How Will California’s ‘Fair Pay To Play Act’ Impact College Lacrosse?

(Photo Credit: Greg Wall/Albany Athletics)

Last week, California Governor Gavin Newsom signed the SB206 Act, also known as Fair Pay to Play, into law – which allows college athletes in the state to make money off their own image and likeness. He actually signed the bill while on an episode of Lebron James’ HBO show “The Shop” which was aired on Monday when the news officially broke. 

The law is officially slated to go into effect in the state of California on January 1st, 2023, which gives the NCAA and California schools plenty of time to figure out how to handle this new legislation, and gives others state a federal legislators across the country time to introduce similar bills at the state or federal level – which is already happening.

While this new bill and any trickle-down effect from it will likely benefit DI men’s basketball and football programs the most, college lacrosse could be affected by this new legislation, as well. 

Currently, the only DI college lacrosse programs in California are Stanford and USC women’s lacrosse teams. While I can’t image any car dealership or business hiring any player from one of those programs to be a spokesperson, appear in a commercial, or do any other kind of marketing for them, it would be possible.

The most realistic option for lacrosse players from any of California’s programs to make money would be through YouTube or social media as they would be permitted to monetize their channels and collect money from ad revenue and any brands that want to endorse them. 

However, if similar bills begin to get passed in other states or at the federal level then there could be opportunities for college lacrosse players across the country to profit off their image and likeness. And for players at big-time programs or players with big social media followings, serious money could come. And yes, a few thousand dollars is big for any college athlete.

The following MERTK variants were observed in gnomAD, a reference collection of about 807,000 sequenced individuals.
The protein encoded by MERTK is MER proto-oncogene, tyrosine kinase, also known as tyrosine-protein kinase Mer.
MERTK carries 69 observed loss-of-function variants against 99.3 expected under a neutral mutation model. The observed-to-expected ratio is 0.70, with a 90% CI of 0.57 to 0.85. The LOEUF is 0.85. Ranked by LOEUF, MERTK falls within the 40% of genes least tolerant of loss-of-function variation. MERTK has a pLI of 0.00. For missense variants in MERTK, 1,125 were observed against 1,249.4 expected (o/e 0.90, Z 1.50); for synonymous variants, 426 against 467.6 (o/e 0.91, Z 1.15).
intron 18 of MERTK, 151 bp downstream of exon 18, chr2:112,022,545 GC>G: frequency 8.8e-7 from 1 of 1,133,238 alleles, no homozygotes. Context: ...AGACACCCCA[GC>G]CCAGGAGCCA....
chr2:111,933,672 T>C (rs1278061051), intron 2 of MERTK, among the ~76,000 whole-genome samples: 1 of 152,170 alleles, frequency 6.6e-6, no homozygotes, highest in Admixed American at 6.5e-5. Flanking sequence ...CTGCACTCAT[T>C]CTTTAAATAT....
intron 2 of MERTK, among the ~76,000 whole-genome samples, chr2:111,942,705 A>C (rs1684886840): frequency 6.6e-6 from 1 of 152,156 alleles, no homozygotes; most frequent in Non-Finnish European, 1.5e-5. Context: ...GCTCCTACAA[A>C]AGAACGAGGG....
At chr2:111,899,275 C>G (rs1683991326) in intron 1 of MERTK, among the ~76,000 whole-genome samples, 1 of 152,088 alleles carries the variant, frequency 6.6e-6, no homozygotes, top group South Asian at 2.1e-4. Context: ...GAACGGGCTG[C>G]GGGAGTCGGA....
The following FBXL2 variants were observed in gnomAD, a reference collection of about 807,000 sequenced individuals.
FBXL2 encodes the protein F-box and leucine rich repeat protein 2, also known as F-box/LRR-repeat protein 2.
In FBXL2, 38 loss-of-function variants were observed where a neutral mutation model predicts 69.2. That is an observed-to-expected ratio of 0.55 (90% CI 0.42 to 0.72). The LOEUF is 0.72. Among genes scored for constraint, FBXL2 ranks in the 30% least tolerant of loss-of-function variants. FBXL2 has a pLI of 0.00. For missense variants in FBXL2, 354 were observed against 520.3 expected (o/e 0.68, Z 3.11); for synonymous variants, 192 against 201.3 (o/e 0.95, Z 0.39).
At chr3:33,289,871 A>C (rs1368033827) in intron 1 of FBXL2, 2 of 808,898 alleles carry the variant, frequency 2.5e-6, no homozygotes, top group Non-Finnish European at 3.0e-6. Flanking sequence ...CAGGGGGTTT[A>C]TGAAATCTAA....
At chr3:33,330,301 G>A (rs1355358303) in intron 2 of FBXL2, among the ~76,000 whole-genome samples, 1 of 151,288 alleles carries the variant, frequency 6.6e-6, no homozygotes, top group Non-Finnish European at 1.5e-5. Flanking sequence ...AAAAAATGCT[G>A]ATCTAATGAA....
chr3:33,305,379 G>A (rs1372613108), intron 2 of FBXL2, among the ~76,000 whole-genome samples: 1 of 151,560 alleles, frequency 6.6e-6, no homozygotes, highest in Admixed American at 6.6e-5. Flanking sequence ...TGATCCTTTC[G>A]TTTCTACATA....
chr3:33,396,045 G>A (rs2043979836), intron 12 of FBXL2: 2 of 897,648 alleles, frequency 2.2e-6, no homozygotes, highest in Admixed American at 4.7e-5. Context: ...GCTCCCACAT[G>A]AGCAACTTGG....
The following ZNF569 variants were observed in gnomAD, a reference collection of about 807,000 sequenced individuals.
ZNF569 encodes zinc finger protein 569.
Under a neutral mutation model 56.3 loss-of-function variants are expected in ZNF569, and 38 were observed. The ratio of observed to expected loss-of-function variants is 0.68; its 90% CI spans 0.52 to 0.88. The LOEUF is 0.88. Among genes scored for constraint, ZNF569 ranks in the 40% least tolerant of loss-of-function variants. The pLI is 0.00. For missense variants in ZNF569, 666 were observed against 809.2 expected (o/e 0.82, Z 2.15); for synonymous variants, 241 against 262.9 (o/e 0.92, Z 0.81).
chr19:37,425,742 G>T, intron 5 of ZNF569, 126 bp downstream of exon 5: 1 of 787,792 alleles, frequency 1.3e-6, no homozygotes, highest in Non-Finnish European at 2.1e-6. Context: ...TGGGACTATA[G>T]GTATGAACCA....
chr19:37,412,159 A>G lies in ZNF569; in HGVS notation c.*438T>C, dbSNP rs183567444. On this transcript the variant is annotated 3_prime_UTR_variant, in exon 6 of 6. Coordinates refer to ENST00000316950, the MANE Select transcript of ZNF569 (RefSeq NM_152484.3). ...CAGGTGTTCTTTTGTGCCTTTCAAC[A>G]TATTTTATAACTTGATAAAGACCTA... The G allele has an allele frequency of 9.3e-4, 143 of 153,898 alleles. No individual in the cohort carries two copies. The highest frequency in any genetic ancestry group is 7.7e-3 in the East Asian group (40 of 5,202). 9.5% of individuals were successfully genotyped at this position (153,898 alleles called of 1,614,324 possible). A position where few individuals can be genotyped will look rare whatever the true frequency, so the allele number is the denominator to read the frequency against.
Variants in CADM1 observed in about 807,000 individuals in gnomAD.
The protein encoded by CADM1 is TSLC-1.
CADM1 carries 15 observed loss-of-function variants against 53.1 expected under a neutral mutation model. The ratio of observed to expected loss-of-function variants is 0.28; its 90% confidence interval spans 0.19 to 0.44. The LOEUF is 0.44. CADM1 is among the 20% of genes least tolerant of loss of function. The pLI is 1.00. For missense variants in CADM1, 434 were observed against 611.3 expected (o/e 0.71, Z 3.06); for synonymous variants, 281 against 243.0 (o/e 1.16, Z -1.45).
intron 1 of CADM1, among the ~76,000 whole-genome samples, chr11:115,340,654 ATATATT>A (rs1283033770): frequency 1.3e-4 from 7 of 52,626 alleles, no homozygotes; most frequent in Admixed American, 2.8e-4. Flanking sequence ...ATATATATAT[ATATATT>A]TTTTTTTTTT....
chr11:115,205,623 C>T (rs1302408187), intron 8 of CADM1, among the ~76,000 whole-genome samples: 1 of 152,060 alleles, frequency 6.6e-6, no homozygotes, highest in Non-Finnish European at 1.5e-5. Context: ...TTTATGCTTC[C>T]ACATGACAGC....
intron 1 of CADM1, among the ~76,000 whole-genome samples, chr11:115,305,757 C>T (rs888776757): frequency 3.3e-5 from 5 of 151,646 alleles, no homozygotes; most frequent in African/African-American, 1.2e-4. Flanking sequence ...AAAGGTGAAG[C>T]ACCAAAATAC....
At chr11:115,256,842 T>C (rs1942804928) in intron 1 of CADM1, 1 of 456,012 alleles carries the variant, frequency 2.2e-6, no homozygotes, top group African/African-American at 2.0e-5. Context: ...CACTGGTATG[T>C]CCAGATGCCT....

For example, imagine that the state of North Carolina or the federal government passes a similar bill that goes into effect in the same year (2023). Current St. Anthony’s (N.Y.) attackman and Duke commit Brennan O’Neill, called the Zion Williamson of lacrosse by some, would be a junior for the Blue Devils when that bill would go into effect. How many lacrosse companies or any other brands come after him for a sponsorship deal? If a bill was in effect in New York right now I can guarantee that Albany’s Tehoka Nanticoke would have companies across the lacrosse world, and possibly local businesses as well, knocking on his door. 

As mentioned before, the social media marketing aspect would likely be the biggest way lacrosse players would make money under a pay for play bill. College players see what professional players like Paul Rabil have built with his social media empire. Top-notch college players at top-notch programs or even lower-end college players with great personalities would benefit greatly in the realm of social media and YouTube under any bill that allows them to profit off their image and likeness. 

The one issue in other sports that is being raised is the recruiting imbalance that this bill could create for schools in California. While that does not impact lacrosse as much yet, if this trend continues on a state-by-state basis than states with college lacrosse programs could benefit more, especially if that state has a big-time program within its borders. While not all players will pick a school based on if they can make money or not, some certainly will. 

Nothing has directly impacted college lacrosse as of yet, but as the sport grows and changes continues in college athletics, change in the sport of lacrosse will come too.

One thought on “How Will California’s ‘Fair Pay To Play Act’ Impact College Lacrosse?

Leave a Reply

Fill in your details below or click an icon to log in: Logo

You are commenting using your account. Log Out /  Change )

Twitter picture

You are commenting using your Twitter account. Log Out /  Change )

Facebook photo

You are commenting using your Facebook account. Log Out /  Change )

Connecting to %s